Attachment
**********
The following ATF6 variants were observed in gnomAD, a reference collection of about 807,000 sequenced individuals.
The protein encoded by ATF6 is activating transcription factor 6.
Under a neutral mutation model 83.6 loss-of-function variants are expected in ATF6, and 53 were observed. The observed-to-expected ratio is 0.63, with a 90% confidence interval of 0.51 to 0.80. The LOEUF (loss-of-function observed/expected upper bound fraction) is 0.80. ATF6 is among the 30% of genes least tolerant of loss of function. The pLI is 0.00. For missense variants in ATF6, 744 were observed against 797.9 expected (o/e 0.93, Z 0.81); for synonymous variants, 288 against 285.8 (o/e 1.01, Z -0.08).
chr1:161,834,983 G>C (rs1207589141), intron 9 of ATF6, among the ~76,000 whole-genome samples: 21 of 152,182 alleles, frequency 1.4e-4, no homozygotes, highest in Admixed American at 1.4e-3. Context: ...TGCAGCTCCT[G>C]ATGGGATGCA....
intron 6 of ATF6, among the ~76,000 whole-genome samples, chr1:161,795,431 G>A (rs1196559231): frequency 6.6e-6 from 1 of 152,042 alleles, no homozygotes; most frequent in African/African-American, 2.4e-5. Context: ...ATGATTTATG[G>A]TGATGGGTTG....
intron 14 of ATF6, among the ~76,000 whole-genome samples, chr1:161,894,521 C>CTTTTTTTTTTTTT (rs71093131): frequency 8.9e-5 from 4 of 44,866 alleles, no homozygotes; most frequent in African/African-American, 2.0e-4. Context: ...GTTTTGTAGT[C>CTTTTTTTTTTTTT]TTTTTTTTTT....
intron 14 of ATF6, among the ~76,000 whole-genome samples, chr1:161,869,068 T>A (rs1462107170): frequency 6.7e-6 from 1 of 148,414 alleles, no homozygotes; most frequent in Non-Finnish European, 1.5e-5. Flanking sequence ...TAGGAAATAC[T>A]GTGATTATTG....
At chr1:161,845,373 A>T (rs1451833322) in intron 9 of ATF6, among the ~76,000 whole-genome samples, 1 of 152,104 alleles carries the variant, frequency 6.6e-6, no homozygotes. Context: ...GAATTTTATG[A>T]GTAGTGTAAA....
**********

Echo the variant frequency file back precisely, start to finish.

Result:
The following ATF6 variants were observed in gnomAD, a reference collection of about 807,000 sequenced individuals.
The protein encoded by ATF6 is activating transcription factor 6.
Under a neutral mutation model 83.6 loss-of-function variants are expected in ATF6, and 53 were observed. The observed-to-expected ratio is 0.63, with a 90% confidence interval of 0.51 to 0.80. The LOEUF (loss-of-function observed/expected upper bound fraction) is 0.80. ATF6 is among the 30% of genes least tolerant of loss of function. The pLI is 0.00. For missense variants in ATF6, 744 were observed against 797.9 expected (o/e 0.93, Z 0.81); for synonymous variants, 288 against 285.8 (o/e 1.01, Z -0.08).
chr1:161,834,983 G>C (rs1207589141), intron 9 of ATF6, among the ~76,000 whole-genome samples: 21 of 152,182 alleles, frequency 1.4e-4, no homozygotes, highest in Admixed American at 1.4e-3. Context: ...TGCAGCTCCT[G>C]ATGGGATGCA....
intron 6 of ATF6, among the ~76,000 whole-genome samples, chr1:161,795,431 G>A (rs1196559231): frequency 6.6e-6 from 1 of 152,042 alleles, no homozygotes; most frequent in African/African-American, 2.4e-5. Context: ...ATGATTTATG[G>A]TGATGGGTTG....
intron 14 of ATF6, among the ~76,000 whole-genome samples, chr1:161,894,521 C>CTTTTTTTTTTTTT (rs71093131): frequency 8.9e-5 from 4 of 44,866 alleles, no homozygotes; most frequent in African/African-American, 2.0e-4. Context: ...GTTTTGTAGT[C>CTTTTTTTTTTTTT]TTTTTTTTTT....
intron 14 of ATF6, among the ~76,000 whole-genome samples, chr1:161,869,068 T>A (rs1462107170): frequency 6.7e-6 from 1 of 148,414 alleles, no homozygotes; most frequent in Non-Finnish European, 1.5e-5. Flanking sequence ...TAGGAAATAC[T>A]GTGATTATTG....
At chr1:161,845,373 A>T (rs1451833322) in intron 9 of ATF6, among the ~76,000 whole-genome samples, 1 of 152,104 alleles carries the variant, frequency 6.6e-6, no homozygotes. Context: ...GAATTTTATG[A>T]GTAGTGTAAA....